Cloud Geometry Effects on Atmospheric Solar Absorption

Qiang Fu Department of Oceanography, Dalhousie University, Halifax, Nova Scotia, Canada

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M. C. Cribb Department of Oceanography, Dalhousie University, Halifax, Nova Scotia, Canada

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H. W. Barker Atmospheric Environment Service, Downsview, Ontario, Canada

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S. K. Krueger Department of Meteorology, University of Utah, Salt Lake City, Utah

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A. Grossman Atmospheric Sciences Division, Lawrence Livermore National Laboratory, Livermore, California

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Abstract

A 3D broadband solar radiative transfer scheme is formulated by integrating a Monte Carlo photon transport algorithm with the Fu–Liou radiation model. It is applied to fields of tropical mesoscale convective clouds and subtropical marine boundary layer clouds that were generated by a 2D cloud-resolving model. The effects of cloud geometry on the radiative energy budget are examined by comparing the full-resolution Monte Carlo results with those from the independent column approximation (ICA) that applies the plane-parallel radiation model to each column.

For the tropical convective cloud system, it is found that cloud geometry effects always enhance atmospheric solar absorption regardless of solar zenith angle. In a large horizontal domain (512 km), differences in domain-averaged atmospheric absorption between the Monte Carlo and the ICA are less than 4 W m−2 in the daytime. However, for a smaller domain (e.g., 75 km) containing a cluster of deep convective towers, domain-averaged absorption can be enhanced by more than 20 W m−2. For a subtropical marine boundary layer cloud system during the stratus-to-cumulus transition, calculations show that the ICA works very well for domain-averaged fluxes of the stratocumulus cloud fields even for a very small domain (4.8 km). For the trade cumulus cloud field, the effects of cloud sides and horizontal transport of photons become more significant. Calculations have also been made for both cloud systems including black carbon aerosol and a water vapor continuum. It is found that cloud geometry produces no discernible effects on the absorption enhancement due to the black carbon aerosol and water vapor continuum.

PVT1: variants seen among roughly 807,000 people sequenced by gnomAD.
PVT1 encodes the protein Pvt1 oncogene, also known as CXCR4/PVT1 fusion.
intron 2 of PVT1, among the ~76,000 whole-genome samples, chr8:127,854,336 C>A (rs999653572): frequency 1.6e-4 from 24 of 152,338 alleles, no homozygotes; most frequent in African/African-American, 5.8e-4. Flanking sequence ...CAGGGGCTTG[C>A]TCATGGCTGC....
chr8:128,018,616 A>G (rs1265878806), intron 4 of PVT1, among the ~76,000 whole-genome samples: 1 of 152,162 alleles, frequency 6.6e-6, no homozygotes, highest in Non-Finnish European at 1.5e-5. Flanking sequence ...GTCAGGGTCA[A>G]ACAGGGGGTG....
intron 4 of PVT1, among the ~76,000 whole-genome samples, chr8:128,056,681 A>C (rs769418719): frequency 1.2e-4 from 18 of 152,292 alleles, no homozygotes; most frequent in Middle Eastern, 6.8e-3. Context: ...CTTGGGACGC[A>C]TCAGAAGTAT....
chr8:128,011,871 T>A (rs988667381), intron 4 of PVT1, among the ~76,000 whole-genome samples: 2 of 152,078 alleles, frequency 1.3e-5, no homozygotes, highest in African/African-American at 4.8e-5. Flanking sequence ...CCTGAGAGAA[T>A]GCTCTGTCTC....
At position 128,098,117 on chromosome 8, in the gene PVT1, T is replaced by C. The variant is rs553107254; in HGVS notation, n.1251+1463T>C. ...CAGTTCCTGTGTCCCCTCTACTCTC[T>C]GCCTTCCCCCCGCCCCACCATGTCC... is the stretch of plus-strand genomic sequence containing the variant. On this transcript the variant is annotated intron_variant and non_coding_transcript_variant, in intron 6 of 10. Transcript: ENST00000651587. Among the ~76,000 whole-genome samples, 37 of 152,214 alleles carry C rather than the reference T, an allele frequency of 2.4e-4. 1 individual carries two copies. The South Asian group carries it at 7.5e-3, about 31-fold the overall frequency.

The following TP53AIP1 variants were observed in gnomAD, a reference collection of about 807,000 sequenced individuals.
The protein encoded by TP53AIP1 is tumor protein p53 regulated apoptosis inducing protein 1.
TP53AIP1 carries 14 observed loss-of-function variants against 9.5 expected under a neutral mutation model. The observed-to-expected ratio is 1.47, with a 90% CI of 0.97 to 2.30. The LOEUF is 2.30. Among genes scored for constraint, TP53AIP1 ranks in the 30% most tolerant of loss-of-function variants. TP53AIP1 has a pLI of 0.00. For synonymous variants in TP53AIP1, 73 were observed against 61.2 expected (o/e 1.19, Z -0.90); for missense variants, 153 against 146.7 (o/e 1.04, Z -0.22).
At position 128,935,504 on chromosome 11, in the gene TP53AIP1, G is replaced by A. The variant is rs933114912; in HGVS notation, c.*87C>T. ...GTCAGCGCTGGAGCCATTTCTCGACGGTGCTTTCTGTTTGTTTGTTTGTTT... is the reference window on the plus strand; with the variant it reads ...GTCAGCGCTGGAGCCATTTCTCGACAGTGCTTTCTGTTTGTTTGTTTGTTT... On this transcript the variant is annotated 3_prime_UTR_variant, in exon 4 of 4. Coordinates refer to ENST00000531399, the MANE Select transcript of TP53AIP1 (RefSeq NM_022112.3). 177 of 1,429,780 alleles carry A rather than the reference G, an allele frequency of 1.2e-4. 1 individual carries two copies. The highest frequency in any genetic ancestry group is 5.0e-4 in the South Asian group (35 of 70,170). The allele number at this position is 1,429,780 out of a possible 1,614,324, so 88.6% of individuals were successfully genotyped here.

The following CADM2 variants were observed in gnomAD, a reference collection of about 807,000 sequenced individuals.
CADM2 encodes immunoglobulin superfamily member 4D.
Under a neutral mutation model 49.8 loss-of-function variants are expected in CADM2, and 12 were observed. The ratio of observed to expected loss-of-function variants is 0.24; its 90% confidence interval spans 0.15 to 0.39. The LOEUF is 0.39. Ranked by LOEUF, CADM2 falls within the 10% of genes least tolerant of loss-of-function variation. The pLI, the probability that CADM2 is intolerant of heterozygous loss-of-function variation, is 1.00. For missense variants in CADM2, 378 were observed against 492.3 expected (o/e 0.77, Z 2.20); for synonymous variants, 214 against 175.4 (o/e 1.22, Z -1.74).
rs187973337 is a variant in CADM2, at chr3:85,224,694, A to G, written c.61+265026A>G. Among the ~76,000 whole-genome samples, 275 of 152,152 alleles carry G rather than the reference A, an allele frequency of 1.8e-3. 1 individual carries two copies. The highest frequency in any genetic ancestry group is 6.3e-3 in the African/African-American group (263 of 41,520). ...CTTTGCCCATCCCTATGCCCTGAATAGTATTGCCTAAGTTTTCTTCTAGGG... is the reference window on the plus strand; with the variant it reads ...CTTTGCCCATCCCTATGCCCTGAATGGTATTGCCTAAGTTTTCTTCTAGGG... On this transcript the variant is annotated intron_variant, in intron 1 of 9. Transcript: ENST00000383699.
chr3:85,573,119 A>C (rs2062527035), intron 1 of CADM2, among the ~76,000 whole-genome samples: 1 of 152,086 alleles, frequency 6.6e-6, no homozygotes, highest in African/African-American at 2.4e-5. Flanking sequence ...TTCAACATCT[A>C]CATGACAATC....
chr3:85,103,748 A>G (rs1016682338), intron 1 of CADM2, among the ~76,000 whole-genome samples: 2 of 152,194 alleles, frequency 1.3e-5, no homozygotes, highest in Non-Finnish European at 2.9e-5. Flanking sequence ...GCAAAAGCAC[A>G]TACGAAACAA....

The current study indicates that the atmospheric absorption enhancement due to cloud-related 3D photon transport is small. This enhancement could not explain the excess absorption suggested by recent studies.

Corresponding author address: Prof. Qiang Fu, Atmospheric Science Program, Dept. of Oceanography, Dalhousie University, Halifax, NS B3H 4J1, Canada.

Email: qfu@atm.dal.ca

Abstract

A 3D broadband solar radiative transfer scheme is formulated by integrating a Monte Carlo photon transport algorithm with the Fu–Liou radiation model. It is applied to fields of tropical mesoscale convective clouds and subtropical marine boundary layer clouds that were generated by a 2D cloud-resolving model. The effects of cloud geometry on the radiative energy budget are examined by comparing the full-resolution Monte Carlo results with those from the independent column approximation (ICA) that applies the plane-parallel radiation model to each column.

For the tropical convective cloud system, it is found that cloud geometry effects always enhance atmospheric solar absorption regardless of solar zenith angle. In a large horizontal domain (512 km), differences in domain-averaged atmospheric absorption between the Monte Carlo and the ICA are less than 4 W m−2 in the daytime. However, for a smaller domain (e.g., 75 km) containing a cluster of deep convective towers, domain-averaged absorption can be enhanced by more than 20 W m−2. For a subtropical marine boundary layer cloud system during the stratus-to-cumulus transition, calculations show that the ICA works very well for domain-averaged fluxes of the stratocumulus cloud fields even for a very small domain (4.8 km). For the trade cumulus cloud field, the effects of cloud sides and horizontal transport of photons become more significant. Calculations have also been made for both cloud systems including black carbon aerosol and a water vapor continuum. It is found that cloud geometry produces no discernible effects on the absorption enhancement due to the black carbon aerosol and water vapor continuum.

The current study indicates that the atmospheric absorption enhancement due to cloud-related 3D photon transport is small. This enhancement could not explain the excess absorption suggested by recent studies.

Corresponding author address: Prof. Qiang Fu, Atmospheric Science Program, Dept. of Oceanography, Dalhousie University, Halifax, NS B3H 4J1, Canada.

Email: qfu@atm.dal.ca

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